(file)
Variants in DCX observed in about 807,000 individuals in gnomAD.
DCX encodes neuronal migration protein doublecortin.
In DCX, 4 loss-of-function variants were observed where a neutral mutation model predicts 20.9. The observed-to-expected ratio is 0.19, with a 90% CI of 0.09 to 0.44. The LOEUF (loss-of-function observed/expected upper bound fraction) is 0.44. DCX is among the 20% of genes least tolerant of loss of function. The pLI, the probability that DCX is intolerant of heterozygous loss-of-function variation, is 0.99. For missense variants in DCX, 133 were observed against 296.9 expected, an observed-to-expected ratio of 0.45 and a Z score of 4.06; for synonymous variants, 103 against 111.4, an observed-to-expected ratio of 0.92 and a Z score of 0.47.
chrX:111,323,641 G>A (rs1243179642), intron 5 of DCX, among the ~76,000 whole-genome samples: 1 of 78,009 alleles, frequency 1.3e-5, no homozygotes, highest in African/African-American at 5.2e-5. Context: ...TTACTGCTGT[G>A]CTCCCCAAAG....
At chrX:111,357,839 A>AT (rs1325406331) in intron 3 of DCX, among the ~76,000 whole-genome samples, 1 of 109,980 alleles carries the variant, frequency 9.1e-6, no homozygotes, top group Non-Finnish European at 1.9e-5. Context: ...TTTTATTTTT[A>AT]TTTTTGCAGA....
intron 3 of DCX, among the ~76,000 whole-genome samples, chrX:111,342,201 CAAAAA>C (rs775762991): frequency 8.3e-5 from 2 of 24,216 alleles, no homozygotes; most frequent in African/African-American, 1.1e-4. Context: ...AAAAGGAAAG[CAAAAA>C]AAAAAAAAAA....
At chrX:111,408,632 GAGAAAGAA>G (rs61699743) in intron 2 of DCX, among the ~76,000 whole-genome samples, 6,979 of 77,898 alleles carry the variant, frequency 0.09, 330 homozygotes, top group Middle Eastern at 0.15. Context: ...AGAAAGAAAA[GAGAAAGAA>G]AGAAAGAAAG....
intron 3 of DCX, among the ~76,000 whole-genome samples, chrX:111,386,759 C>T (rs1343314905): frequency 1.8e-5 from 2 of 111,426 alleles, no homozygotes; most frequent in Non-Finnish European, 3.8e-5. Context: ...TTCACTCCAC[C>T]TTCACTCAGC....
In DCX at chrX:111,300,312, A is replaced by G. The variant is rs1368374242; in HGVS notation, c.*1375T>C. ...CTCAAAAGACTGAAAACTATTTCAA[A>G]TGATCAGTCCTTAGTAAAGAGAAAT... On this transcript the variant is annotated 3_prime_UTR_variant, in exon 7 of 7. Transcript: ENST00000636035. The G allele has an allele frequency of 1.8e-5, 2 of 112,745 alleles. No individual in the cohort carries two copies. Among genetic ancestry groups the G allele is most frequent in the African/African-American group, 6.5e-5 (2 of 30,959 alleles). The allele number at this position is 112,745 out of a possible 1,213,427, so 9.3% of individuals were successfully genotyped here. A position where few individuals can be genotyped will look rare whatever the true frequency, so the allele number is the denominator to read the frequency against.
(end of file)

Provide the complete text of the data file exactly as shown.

Variants in DCX observed in about 807,000 individuals in gnomAD.
DCX encodes neuronal migration protein doublecortin.
In DCX, 4 loss-of-function variants were observed where a neutral mutation model predicts 20.9. The observed-to-expected ratio is 0.19, with a 90% CI of 0.09 to 0.44. The LOEUF (loss-of-function observed/expected upper bound fraction) is 0.44. DCX is among the 20% of genes least tolerant of loss of function. The pLI, the probability that DCX is intolerant of heterozygous loss-of-function variation, is 0.99. For missense variants in DCX, 133 were observed against 296.9 expected, an observed-to-expected ratio of 0.45 and a Z score of 4.06; for synonymous variants, 103 against 111.4, an observed-to-expected ratio of 0.92 and a Z score of 0.47.
chrX:111,323,641 G>A (rs1243179642), intron 5 of DCX, among the ~76,000 whole-genome samples: 1 of 78,009 alleles, frequency 1.3e-5, no homozygotes, highest in African/African-American at 5.2e-5. Context: ...TTACTGCTGT[G>A]CTCCCCAAAG....
At chrX:111,357,839 A>AT (rs1325406331) in intron 3 of DCX, among the ~76,000 whole-genome samples, 1 of 109,980 alleles carries the variant, frequency 9.1e-6, no homozygotes, top group Non-Finnish European at 1.9e-5. Context: ...TTTTATTTTT[A>AT]TTTTTGCAGA....
intron 3 of DCX, among the ~76,000 whole-genome samples, chrX:111,342,201 CAAAAA>C (rs775762991): frequency 8.3e-5 from 2 of 24,216 alleles, no homozygotes; most frequent in African/African-American, 1.1e-4. Context: ...AAAAGGAAAG[CAAAAA>C]AAAAAAAAAA....
At chrX:111,408,632 GAGAAAGAA>G (rs61699743) in intron 2 of DCX, among the ~76,000 whole-genome samples, 6,979 of 77,898 alleles carry the variant, frequency 0.09, 330 homozygotes, top group Middle Eastern at 0.15. Context: ...AGAAAGAAAA[GAGAAAGAA>G]AGAAAGAAAG....
intron 3 of DCX, among the ~76,000 whole-genome samples, chrX:111,386,759 C>T (rs1343314905): frequency 1.8e-5 from 2 of 111,426 alleles, no homozygotes; most frequent in Non-Finnish European, 3.8e-5. Context: ...TTCACTCCAC[C>T]TTCACTCAGC....
In DCX at chrX:111,300,312, A is replaced by G. The variant is rs1368374242; in HGVS notation, c.*1375T>C. ...CTCAAAAGACTGAAAACTATTTCAA[A>G]TGATCAGTCCTTAGTAAAGAGAAAT... On this transcript the variant is annotated 3_prime_UTR_variant, in exon 7 of 7. Transcript: ENST00000636035. The G allele has an allele frequency of 1.8e-5, 2 of 112,745 alleles. No individual in the cohort carries two copies. Among genetic ancestry groups the G allele is most frequent in the African/African-American group, 6.5e-5 (2 of 30,959 alleles). The allele number at this position is 112,745 out of a possible 1,213,427, so 9.3% of individuals were successfully genotyped here. A position where few individuals can be genotyped will look rare whatever the true frequency, so the allele number is the denominator to read the frequency against.